Trading in emission allowances and credits
In order to trade allowances or credits you need to have an account in the EU ETS Registry or the Danish Emission Trading Registry. Here you can read about how to trade allowances and credits, and what you need to be aware of if you are trading allowances in UK.
Every holder of an account in the EU ETS Registry may trade with CO2 emission allowances and credits. Every holder of an account in the Danish Emission Trading Registry may trade with emission reduction units (ERUs) and carbon credits (e.g. CERs, AAUs and RMUs). The Danish Emission Trading Registry does not accept trading in the types of carbon credits known as long-term certified emission reductions (lCER) or temporary certified emission reductions (tCER).
There are no limits to the volume of a transaction, but you are not permitted to transfer more emission allowances or credits than are held in your account. No service charges are linked to the individual transactions, but an annual service charge for each account is payable to the Danish Business Authority.
Account holders must enter into their own agreements concerning price; allowance/credit volume; transaction date, etc., with the party with whom they wish to trade. Financial transactions relating to the purchase and sale of emission allowances and credits are to take place outside the registries and do not have to be notified to the Danish Business Authority. In this context, the sole purpose of the registries is to register ownership of the emission allowances or credits.
In practice, the account holders have various options for trading in allowances:
- an account holder may trade directly with another account holder;
- an account holder may buy and sell emission allowances and credits through an exchange. Exchange trading can be advantageous if large volumes of emission allowances are to be bought or sold, or if an account holder do not wish to enter into a direct transaction with other account holders;
- an account holder can also choose to use a broker/intermediary who also has an account in the EU ETS Registry or a national emission trading registry. The broker/intermediary may do business on behalf of the account holder and manage the practical aspects of emission allowance or credit transactions.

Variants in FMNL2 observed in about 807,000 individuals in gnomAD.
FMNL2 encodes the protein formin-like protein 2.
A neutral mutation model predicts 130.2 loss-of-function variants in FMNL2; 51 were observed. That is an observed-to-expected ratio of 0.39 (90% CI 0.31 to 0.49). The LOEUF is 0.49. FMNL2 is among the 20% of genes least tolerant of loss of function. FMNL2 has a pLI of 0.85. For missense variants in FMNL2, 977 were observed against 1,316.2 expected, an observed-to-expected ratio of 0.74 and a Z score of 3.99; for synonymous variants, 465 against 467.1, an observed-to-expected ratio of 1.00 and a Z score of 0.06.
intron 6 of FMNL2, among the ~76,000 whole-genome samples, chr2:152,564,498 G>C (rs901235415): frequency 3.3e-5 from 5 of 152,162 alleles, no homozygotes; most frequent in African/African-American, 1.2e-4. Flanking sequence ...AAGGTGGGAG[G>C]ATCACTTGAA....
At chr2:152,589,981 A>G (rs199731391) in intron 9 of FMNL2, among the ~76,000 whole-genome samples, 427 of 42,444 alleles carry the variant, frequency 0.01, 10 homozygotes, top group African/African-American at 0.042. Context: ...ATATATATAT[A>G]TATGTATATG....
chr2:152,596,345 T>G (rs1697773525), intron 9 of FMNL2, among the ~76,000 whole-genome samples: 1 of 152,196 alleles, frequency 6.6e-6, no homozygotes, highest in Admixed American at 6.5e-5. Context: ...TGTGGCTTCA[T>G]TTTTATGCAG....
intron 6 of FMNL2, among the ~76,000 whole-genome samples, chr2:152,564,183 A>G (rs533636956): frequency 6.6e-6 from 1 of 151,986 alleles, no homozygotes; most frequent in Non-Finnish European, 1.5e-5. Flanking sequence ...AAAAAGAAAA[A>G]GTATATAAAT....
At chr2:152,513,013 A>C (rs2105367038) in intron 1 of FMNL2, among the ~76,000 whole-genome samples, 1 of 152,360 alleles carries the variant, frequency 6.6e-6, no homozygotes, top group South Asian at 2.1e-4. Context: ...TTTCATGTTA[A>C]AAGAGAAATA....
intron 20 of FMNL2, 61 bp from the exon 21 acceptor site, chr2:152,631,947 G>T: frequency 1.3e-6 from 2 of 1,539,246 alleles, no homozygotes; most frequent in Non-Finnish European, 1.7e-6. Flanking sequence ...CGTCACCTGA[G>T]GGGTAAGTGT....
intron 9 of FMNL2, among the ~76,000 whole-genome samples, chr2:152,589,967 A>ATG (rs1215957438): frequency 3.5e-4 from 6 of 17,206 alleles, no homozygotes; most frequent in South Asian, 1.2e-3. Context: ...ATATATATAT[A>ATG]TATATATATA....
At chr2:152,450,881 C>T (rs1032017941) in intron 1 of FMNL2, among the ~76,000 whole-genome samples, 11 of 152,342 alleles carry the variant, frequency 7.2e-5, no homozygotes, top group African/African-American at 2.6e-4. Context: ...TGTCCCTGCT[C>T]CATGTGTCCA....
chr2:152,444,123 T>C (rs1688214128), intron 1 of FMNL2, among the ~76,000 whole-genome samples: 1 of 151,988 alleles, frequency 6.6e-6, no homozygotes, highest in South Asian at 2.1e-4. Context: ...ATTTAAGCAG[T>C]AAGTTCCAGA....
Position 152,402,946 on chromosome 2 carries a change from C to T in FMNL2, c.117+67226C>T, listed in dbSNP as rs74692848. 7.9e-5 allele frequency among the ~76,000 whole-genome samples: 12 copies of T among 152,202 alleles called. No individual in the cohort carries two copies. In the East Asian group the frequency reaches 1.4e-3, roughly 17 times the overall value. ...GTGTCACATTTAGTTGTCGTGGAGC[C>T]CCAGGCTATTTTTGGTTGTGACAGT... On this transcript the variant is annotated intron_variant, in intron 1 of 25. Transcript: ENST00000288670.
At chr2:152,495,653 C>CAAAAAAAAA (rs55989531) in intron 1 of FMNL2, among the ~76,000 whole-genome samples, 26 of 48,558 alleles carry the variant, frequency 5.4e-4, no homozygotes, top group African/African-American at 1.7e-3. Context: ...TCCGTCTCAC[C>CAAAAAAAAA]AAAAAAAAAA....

Trading CO2 allowances with UK companies
Brexit may affect your business if you have agreements on future purchases or sales of CO2 emission allowances with companies in the UK.
The EU and UK are still negotiating an agreement for UK's withdrawal of the EU. If the UK resigns from EU by March 2019 without an agreement to continue in the EU Emission Trading System, the EU-rules regarding emission trading will no longer apply to companies in the UK. If that happens it will no longer be possible to transfer EU allowances between accounts in the UK and the rest of the EU. In addition to this, the EU will put a country code on emission allowances issued to companies in the UK between January 1, 2019 and the UK exit. If emission allowances issued after January 1, 2019 to companies in the UK will be earmarked with a country code, the allowances cannot be used by Danish companies to comply with their climate commitments.
Please note that CO2 emission allowances issued to companies in UK before January 1, 2019 can be used by Danish companies to comply with their climate commitments given that the transactions of allowances have been carried out and the allowances therefore no longer are held in the accounts in UK before Brexit.
It is therefore recommended that your company is aware of contracts or agreements on future delivery of emission allowances that may be subject to change due to Brexit. If you buy allowances after January 1, 2019, you should be aware that they are not earmarked with a country code.You can read about the change of the EU’s Registry Regulation in view of the UK's withdrawal of the EU Emission Trading System on EUR Lex.